As you may recall, my visits to the market are goal-oriented, focused on the tasks at hand. My wife, while still having a to-do list, is much more open to the whole experience. Depending on the circumstances she will easily deviate from the list while the chances are that I will stick to mine. You could say that my field of vision is 120 degrees, hers is 360.
It has been known for a long time that women, on average, have better verbal memory and social cognition, whereas men have better motor and spatial skills. Brain scans have offered an explanation: women tend to have verbal centres on both sides of the brain, while men often have verbal centres in only the left hemisphere. This is probably also the reason why women use more words when describing experiences or feelings and have more interest in talking about these things.
Analyzing data from 168 studies and 355,173 participants, Marco Hirnstein, University of Bergen, found a small but robust female advantage in verbal fluency and verbal-episodic memory. The advantage is small but consistent across the past 50 years and across an individual’s lifespan. Moreover, they determined that the perceived female advantage depends on the sex/gender of the leading scientist: female scientists report a greater female advantage, male scientists report a smaller female advantage.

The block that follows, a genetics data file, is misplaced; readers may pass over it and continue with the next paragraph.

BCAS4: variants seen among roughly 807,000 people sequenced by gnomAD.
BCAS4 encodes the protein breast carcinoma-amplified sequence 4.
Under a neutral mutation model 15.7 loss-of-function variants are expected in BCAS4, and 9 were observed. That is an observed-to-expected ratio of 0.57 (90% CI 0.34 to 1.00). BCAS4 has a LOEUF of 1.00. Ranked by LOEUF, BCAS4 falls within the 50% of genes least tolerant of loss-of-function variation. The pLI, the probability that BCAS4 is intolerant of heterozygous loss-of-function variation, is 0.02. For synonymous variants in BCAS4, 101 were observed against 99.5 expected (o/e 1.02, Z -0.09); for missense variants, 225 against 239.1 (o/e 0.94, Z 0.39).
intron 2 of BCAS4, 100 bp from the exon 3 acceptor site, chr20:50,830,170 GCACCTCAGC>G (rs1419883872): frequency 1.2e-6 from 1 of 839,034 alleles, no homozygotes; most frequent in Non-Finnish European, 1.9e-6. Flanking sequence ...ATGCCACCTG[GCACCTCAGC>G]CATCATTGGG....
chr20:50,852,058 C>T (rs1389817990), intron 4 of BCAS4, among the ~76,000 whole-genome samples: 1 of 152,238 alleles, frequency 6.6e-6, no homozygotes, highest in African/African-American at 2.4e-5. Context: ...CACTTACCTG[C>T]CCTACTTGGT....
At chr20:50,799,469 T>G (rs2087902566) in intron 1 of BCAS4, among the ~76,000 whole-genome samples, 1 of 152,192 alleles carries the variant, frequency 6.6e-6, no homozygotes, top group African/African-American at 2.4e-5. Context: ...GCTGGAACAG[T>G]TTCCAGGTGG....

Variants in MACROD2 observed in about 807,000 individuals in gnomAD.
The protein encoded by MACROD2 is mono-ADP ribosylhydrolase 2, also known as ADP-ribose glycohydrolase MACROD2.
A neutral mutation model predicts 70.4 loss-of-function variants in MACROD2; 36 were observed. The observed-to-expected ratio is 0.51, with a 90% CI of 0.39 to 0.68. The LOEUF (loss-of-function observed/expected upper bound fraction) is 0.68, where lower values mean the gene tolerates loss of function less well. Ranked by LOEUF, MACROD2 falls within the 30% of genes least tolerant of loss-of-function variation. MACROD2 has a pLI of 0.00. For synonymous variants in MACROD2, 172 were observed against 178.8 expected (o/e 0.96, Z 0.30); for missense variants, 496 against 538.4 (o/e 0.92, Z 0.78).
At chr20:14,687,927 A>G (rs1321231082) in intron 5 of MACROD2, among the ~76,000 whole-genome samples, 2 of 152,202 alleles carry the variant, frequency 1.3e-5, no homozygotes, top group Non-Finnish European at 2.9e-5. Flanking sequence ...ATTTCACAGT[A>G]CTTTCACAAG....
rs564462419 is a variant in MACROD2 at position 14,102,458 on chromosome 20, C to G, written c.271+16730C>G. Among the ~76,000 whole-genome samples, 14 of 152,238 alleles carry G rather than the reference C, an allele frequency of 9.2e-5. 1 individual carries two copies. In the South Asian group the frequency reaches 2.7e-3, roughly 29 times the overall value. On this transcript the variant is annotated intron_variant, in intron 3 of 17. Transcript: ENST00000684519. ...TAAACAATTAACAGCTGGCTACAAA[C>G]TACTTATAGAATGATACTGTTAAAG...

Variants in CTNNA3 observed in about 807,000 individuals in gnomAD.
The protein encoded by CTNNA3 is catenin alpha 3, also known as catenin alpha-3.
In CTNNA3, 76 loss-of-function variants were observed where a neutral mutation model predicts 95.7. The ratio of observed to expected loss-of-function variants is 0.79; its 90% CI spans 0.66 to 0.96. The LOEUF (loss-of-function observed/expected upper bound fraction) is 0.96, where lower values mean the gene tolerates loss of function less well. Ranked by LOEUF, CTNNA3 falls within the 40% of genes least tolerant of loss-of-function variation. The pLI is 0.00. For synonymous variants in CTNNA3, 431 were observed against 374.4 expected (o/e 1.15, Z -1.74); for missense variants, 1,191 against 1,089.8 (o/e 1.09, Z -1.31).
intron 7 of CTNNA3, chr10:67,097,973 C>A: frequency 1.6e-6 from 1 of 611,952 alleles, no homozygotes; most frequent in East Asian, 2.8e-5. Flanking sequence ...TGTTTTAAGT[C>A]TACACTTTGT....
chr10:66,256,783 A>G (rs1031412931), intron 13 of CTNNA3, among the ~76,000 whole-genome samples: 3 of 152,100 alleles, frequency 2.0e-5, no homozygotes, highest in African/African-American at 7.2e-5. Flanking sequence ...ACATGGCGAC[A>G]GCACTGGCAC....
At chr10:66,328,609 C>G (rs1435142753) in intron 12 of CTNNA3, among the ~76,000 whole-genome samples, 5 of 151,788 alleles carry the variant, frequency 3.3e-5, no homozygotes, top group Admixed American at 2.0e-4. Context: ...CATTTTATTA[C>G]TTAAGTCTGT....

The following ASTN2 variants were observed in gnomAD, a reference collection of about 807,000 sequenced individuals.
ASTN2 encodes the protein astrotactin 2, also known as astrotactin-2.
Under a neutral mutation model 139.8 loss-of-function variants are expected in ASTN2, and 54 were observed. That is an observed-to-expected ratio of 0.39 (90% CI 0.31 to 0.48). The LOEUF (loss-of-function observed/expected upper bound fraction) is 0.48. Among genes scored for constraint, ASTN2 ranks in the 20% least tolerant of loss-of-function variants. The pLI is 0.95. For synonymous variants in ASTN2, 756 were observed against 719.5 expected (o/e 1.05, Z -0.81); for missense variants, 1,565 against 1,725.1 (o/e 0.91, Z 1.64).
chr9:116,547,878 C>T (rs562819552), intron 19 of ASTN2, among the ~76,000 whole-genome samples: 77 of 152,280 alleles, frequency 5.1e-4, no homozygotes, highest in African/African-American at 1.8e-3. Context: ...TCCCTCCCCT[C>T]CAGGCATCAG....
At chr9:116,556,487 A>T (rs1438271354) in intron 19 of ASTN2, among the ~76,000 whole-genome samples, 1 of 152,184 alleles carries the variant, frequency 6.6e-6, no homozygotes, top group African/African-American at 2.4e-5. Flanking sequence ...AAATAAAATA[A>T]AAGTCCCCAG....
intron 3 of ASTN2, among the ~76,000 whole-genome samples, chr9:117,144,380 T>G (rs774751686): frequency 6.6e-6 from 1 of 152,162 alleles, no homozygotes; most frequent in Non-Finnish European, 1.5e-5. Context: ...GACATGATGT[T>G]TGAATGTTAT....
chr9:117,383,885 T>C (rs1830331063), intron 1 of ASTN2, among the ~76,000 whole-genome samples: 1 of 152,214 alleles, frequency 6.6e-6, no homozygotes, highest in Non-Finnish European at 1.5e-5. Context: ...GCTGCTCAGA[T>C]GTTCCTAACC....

As we review these studies, we need to keep in mind that they are statistical generalizations and do not apply to individual men and women. Every person is somewhere on a continuum between the typical male and female brain. By understanding these inherent biological differences between men and women with their advantages and disadvantages, we can learn to appreciate the distinct ways men and women approach life rather than fall into a well of criticism and spend endless hours playing mutual blame games.
As Dr. Ruben Gur, of the Perelman School of Medicine, University of Pennsylvania has said, “It’s quite striking how complementary the brains of women and men really are.”
Thomas R. Verny, MD is a clinical psychiatrist, academic, award-winning author, public speaker, poet and podcaster. He is the author of eight books, including the global bestseller The Secret Life of the Unborn Child and 2021′s The Embodied Mind: Understanding the Mysteries of Cellular Memory, Consciousness and Our Bodies.